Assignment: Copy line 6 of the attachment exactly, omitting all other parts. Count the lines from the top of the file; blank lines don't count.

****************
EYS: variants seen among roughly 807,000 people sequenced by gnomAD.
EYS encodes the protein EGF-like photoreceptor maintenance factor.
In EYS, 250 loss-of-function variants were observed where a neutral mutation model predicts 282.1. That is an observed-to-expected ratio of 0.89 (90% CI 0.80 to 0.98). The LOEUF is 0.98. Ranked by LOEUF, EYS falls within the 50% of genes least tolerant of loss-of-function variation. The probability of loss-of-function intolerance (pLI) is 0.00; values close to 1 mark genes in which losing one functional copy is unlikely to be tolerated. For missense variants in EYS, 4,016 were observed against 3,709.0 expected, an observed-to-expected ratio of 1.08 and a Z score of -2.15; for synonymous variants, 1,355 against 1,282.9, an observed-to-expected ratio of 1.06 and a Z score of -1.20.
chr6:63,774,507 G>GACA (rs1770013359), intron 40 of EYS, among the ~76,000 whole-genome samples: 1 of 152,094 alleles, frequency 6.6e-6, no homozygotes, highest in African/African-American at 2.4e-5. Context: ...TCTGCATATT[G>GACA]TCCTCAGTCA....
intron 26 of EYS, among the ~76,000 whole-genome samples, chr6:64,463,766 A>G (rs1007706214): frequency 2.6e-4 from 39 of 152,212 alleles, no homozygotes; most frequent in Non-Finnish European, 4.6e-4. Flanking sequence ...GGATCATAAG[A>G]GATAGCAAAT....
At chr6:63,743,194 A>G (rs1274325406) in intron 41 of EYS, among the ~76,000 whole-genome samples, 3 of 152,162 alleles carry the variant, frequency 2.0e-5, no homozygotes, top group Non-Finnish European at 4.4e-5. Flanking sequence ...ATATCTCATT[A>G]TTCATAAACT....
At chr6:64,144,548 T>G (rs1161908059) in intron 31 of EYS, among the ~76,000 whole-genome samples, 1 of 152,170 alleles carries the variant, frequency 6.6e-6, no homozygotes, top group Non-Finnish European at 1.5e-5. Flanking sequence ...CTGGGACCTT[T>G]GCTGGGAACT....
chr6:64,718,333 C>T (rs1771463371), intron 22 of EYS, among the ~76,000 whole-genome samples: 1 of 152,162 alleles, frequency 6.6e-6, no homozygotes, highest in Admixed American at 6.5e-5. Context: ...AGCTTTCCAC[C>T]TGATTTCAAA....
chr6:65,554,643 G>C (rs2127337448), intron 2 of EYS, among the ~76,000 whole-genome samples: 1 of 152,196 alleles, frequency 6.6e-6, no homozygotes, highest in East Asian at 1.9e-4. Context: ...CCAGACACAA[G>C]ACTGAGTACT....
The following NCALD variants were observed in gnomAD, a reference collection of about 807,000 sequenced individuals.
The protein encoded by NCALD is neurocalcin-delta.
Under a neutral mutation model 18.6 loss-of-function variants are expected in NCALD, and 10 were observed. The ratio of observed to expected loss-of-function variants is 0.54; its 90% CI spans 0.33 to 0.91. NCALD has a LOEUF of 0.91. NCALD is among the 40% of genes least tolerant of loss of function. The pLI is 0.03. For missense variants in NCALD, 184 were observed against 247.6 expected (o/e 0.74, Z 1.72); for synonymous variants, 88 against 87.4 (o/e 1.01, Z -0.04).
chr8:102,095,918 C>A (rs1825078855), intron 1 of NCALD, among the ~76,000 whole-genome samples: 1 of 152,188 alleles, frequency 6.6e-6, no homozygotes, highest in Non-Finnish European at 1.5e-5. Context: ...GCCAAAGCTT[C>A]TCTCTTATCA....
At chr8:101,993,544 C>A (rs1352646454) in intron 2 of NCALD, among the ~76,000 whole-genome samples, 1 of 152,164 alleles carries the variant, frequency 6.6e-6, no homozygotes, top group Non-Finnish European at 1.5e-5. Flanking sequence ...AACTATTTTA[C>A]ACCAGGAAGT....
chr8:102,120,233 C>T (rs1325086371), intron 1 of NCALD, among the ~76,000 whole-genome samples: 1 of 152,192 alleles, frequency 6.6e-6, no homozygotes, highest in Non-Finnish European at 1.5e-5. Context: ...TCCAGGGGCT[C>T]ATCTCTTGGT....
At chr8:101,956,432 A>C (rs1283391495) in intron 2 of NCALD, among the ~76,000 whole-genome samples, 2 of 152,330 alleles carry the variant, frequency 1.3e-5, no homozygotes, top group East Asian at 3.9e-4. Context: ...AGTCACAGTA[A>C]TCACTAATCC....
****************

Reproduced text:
At chr6:63,743,194 A>G (rs1274325406) in intron 41 of EYS, among the ~76,000 whole-genome samples, 3 of 152,162 alleles carry the variant, frequency 2.0e-5, no homozygotes, top group Non-Finnish European at 4.4e-5. Flanking sequence ...ATATCTCATT[A>G]TTCATAAACT....